PJ: What have some of these rural facilities been doing to stay afloat financially during this pandemic?

AM: “I can speak a little bit from some of the experiences of the programs that our office administers. For example, rural hospitals have gotten direct funding through a federal program called the Small Hospital Improvement Program (SHIP), and that funding was provided through the CARES Act. Then, another round through the American Rescue Plan Act (ARPA) funding. The funding that’s gone to the rural hospitals, has allowed them to make some changes and improvements to keep their staff safe, mitigate the spread of COVID, expand testing capabilities, and many of them have used those funds.

Telehealth also has helped. They’ve been able to use telehealth for virtual visits there and the change in Centers for Medicare and Medicaid Services (CMS) rules that allow for telehealth visits to be reimbursable has really helped them. They have reached parity for that.

There’s been additional ARPA funding that’s come in to help with lost revenues and costs associated with COVID-19. Just recently, a number of health centers in Utah got over $7 billion in funding through ARPA that’s going to help them with getting freezers if they need to store to vaccines, mobile vans to get out and reach out to underserved communities, help with some of the equipment for telehealth, and also facility needs.”

PJ: What are some of the main problems with access for rural patients in this COVID environment? What is your biggest barrier to providing care?

AM: “As we look to move to telehealth, access to broadband has been uneven across the state. It’s good that that’s been one of the priorities in Governor Cox’s One Utah roadmap. There has been a real focus on rural issues, including the infrastructure for rural areas. That’ll still take time. I just read an article where someone said that, in rural communities, “medicine moves at the speed of trust.” So, the adoption of telehealth will still take time. But getting that infrastructure in place is critical to it so that people can have the time to adapt and increase their trust in new ways of getting their healthcare.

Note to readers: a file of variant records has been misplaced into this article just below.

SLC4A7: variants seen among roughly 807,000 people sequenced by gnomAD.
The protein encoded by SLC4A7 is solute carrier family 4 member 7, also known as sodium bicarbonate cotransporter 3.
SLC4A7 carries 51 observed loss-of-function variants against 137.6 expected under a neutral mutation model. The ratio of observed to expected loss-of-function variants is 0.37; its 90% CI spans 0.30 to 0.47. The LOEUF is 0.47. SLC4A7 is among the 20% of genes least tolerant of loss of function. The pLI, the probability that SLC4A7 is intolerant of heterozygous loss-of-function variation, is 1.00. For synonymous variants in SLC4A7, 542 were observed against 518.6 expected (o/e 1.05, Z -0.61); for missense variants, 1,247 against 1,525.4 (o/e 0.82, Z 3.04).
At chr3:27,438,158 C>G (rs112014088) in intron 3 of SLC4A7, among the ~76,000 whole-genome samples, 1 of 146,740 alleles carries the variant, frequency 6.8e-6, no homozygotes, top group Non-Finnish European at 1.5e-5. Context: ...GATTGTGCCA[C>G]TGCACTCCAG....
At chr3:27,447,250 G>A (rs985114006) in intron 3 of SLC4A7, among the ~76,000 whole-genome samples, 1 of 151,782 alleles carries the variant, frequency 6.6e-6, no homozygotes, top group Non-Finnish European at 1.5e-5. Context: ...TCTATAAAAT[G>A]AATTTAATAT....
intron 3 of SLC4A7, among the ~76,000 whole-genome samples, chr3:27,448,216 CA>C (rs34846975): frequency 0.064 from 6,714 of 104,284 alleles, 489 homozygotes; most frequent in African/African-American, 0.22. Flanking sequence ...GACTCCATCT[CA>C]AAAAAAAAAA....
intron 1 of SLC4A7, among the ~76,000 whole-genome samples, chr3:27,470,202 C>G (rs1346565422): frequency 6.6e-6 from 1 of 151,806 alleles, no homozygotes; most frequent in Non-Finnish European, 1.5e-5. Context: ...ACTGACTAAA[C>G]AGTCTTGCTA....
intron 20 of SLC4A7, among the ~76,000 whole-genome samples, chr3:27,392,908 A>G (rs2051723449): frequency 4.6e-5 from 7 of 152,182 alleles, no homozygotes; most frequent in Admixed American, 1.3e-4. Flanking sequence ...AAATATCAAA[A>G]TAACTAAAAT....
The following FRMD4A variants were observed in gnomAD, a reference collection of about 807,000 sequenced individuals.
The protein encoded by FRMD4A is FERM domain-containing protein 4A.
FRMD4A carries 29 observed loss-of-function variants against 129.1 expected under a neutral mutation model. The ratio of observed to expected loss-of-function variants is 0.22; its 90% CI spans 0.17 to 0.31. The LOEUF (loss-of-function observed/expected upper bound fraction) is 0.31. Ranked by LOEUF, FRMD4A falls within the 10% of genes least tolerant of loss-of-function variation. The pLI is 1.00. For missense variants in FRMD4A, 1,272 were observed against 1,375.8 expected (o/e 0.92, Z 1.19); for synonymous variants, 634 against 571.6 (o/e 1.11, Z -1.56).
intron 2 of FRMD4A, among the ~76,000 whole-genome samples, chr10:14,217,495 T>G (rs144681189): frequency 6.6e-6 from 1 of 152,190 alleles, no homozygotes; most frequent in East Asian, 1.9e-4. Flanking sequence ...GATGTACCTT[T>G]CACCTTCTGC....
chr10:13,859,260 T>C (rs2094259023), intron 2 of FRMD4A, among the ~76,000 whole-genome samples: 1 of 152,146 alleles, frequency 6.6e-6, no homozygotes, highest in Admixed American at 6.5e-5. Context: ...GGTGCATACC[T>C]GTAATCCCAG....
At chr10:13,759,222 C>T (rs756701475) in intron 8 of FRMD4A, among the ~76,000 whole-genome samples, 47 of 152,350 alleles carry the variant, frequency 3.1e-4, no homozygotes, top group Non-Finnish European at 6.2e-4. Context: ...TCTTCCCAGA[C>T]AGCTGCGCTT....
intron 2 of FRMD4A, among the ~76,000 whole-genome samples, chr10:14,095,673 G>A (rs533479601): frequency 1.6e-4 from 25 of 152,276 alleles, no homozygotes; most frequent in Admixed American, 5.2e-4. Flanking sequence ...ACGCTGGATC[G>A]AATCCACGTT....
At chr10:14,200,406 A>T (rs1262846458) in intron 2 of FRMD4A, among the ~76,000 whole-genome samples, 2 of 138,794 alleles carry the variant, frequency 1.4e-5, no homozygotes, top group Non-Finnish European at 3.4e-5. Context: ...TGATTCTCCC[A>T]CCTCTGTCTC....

Every few years, [our office] does a primary care needs assessment. A couple barriers were identified, like the geographic isolation and transportation to be able to get care. If you don’t have transportation, you’re not going to be able to access care.

Another barrier is [around] health insurance coverage and the ability to afford care. We have higher uninsured rates in the rural communities. Some of that infrastructure for low cost or other subsidized health care isn’t there in the rural communities in the [same] way [as] urban settings, including free clinics. So, that lack of coverage can hinder people’s access to care.”

PJ: What gives you hope for the future?

AM: “One thing I’d point to is the way the Navajo Nation started during the pandemic. They had really serious challenges with COVID-19. They [were] already dealing with health disparities. So, the effect of the pandemic was much more severe. At one point, the Navajo Nation had the highest COVID-19 infection rates in the entire country, if I understand correctly. So, they turned things around. They put strict protocols in place, were consistent with health messaging, how to address it, what they could do, and Navajo Nation leaders worked with the health care providers and systems to promote a successful vaccine campaign. They came together to protect each other, protect their community, and look after each other. As a result of that, they’ve seen really positive outcomes. That shows me that there is a way forward from here, and we can learn from that, by coming together and focusing on the health and well-being of our entire community.”

This interview was edited for clarity and length.